Before the 2023 Chinese New Year holiday which begins Jan. 21st and ends Jan. 27, China’s health officials are asking people to stay put and protect elderly family members rather than travel and risk exacerbating China’s ongoing COVID outbreak.
It’s an agonizing decision for hundreds of millions of migrant workers and students, who may have hoped to reunite with family during the Chinese New Year (also known as Lunar New Year or Spring Festival), the first in mainland China without any COVID restrictions since the pandemic began.
Elderly people in rural communities “may be infected during Spring Festival when they meet relatives and friends,” Liang Wannian, who heads the country’s COVID-19 response team, told state broadcaster CCTV on Monday.
Guo Jianwen, a member of China’s pandemic prevention team, suggested on Thursday that if Chinese people were worried about infecting their elderly relatives, “don’t go home to visit them.” He said, “You have all kinds of ways to show you care for them, you don’t necessarily need to bring the virus to their home.”
Chinese social media users were very interested in the topic of whether or not to return home for Chinese New Years. Reuters Reporting the question was most popular item WeiboOn Thursday, Twitter-like social media platform, was launched as.
One popular response on social media called Guo’s suggestion to stay home “one of the few useful suggestions put forward during this period,” according to The Guardian. The post is a reflection on the frustration of the public with the rapidly changing environment. changing medical advice doled out by China’s health experts.
What happens during Chinese New Year celebrations?
Much of China’s urban labor force is made up of migrants from China’s rural heartland, and many return home to see family for the Chinese New Year holiday. Students studying in the country’s universities also return home for the holidays.
China expects to spend over 2 billion trips over the “Chunyan” period, a 40-day stretch of holiday travel. The period runs from Jan. 7 to February 15.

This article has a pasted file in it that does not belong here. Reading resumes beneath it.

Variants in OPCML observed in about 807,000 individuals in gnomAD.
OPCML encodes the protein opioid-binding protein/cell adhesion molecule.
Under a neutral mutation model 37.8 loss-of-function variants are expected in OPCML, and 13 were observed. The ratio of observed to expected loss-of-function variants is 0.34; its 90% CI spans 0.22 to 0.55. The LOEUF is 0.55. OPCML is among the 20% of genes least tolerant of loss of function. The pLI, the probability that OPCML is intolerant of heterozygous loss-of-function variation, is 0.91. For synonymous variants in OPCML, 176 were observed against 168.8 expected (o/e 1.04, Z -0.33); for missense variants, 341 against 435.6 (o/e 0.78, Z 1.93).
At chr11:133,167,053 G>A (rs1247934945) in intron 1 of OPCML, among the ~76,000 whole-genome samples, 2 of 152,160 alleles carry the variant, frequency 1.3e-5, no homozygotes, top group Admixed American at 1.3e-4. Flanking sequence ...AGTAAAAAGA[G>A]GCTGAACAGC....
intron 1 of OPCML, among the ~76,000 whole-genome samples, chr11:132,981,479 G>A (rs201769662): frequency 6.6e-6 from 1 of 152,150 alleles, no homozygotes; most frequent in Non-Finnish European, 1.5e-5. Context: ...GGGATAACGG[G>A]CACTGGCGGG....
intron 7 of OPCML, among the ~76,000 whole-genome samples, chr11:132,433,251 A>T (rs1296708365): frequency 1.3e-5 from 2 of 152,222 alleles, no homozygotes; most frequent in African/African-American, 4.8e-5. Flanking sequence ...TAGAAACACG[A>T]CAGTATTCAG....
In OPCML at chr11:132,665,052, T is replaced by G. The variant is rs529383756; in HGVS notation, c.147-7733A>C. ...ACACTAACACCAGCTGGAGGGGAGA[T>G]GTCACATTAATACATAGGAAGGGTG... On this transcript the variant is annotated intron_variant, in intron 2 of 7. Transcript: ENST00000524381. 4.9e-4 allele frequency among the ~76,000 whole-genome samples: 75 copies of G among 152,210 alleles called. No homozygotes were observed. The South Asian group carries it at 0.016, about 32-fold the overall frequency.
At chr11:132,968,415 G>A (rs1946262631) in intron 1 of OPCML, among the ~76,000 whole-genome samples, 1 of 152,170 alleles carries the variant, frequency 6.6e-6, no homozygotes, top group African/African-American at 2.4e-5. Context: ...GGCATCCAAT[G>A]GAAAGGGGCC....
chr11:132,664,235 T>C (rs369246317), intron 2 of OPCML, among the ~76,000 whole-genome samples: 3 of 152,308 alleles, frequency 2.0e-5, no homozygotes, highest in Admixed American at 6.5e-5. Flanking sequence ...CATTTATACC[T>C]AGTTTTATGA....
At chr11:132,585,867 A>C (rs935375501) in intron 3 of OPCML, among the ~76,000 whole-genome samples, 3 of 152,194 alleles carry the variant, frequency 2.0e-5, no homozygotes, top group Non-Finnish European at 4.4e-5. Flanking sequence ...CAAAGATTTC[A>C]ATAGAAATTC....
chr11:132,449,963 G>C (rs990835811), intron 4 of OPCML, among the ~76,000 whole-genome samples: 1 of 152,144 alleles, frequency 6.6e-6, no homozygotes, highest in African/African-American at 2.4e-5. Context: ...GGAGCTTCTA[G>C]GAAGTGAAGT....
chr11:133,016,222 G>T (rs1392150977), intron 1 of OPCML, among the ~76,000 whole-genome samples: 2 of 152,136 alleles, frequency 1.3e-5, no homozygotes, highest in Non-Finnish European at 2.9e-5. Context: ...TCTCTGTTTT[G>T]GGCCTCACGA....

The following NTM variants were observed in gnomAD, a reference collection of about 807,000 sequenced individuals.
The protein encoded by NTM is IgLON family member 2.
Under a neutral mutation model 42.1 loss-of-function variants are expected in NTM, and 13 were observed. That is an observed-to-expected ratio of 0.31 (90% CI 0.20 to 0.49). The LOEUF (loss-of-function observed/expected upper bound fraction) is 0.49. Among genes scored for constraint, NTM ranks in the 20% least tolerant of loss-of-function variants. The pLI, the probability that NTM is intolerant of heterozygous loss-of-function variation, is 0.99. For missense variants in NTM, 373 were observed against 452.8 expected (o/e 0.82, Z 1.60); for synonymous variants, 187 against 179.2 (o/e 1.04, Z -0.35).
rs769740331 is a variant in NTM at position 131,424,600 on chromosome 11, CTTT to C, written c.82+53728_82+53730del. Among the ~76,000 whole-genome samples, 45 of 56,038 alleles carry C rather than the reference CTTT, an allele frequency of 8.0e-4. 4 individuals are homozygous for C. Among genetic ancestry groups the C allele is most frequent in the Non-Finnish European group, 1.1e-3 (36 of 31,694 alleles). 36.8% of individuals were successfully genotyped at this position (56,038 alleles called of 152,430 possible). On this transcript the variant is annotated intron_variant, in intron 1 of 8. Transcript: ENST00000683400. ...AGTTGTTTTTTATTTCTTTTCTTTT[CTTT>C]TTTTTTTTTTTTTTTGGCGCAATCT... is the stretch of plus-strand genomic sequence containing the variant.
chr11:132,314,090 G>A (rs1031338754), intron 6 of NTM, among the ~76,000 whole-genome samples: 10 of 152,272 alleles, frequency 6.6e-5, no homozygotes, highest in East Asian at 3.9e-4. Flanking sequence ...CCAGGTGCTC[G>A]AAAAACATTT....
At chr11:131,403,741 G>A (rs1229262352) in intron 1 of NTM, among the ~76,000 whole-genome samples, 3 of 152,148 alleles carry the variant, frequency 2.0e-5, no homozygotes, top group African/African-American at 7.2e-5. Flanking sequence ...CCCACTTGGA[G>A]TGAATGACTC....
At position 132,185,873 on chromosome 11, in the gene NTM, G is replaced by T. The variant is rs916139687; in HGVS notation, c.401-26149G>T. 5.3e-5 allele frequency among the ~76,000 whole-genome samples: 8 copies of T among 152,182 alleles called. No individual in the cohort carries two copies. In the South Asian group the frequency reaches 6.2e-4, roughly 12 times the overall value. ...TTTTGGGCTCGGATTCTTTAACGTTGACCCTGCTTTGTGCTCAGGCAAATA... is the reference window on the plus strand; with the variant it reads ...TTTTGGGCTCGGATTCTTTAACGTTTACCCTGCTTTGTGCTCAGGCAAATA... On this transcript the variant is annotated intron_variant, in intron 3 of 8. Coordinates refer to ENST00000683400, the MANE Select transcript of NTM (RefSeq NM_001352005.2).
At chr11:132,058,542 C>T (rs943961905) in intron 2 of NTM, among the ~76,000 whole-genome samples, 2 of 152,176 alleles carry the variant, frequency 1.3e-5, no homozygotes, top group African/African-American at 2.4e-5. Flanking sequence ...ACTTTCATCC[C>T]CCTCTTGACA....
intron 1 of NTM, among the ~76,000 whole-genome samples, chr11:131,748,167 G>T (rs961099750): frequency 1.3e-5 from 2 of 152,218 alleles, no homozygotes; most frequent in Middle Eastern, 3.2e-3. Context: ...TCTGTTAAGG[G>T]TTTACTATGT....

Chinese New Year was once the world’s largest movement of people, with 3 billion trips travelled by passengers in 2019 before the pandemic. (By comparison, American Automobile Association estimated In 2019, more than 55 million Americans took trips during the Thanksgiving holiday.
During the pandemic, however, some people were unable to travel to China for Chinese New Year because of restrictions on their mobility. Those considering trips They were afraid that snap lockdowns might prevent them from returning home to their school or workplace. So they decided to stay put.
How many COVID cases does China currently have?
Yet it may be too late for health officials’ advice to ward off further COVID infections. China’s COVID outbreak is already spreading to rural communitiesEven though the outbreak was raging may be peaking Major cities
China is experiencing an unprecedented increase in cases. China’s official case and death numbers—503,302 and 5,272, respectively—under-represent the scope of the outbreak since Beijing changed how it records COVID cases and deaths last month. Officials from the health sector have suggested that daily cases could reach into the millions. An official from Henan spoke out earlier this week. estimated that 90% of local residents had now caught COVID, which would put the province’s case count alone close to 90 million.
Airfinity, a U.K. based health research company, forecasts Over 3.5 million people are suffering from COVID every day and more than 20,700 people are currently dying each day. According to the company, the epidemic will peak in January 2013.
China’s health care system is already stretched by the outbreak, with hospital space and medicine running low. There are even fewer resources in China’s countryside, with rural communities having less than half as many doctors and nurses as cities, according to the South China Morning Post. According to the, villages also have run out of fever and cough medication, which has forced communities to appeal to donors over the internet. SCMP.
Beijing on Sunday ordered villages to stockpile at least two weeks’ worth of medicine, and set up teams of volunteer drivers to carry people to treatment centers, according to state-run paper Global Times.
China has low vaccination rates among its elderly population, which makes matters worse. Early December saw health officials announce that they had vaccinated 1.2 million people. estimated that only 40% of the country’s over-80 population had gotten the booster shot needed to protect against newer COVID variants. China, according to outside experts, is also susceptible to COVID variants. needs to import It is better to rely on mRNA vaccines that are more effective than those made at home.
Officials at the World Health Organization stated that they were ready to work with China in order to manage the wave of holiday-goers returning home, but needed more information. “There are some very important information gaps that we are working with China to fill,” Maria Van Kerkove, the WHO’s COVID technical lead, told reporters Wednesday China was accused by the WHO minimizing The extent of its spread, especially in relation to hospitalizations or deaths.
The Trust Factor, a weekly newsletter that examines what leaders need to succeed, will help you navigate and strengthen trust within your business. Sign up here.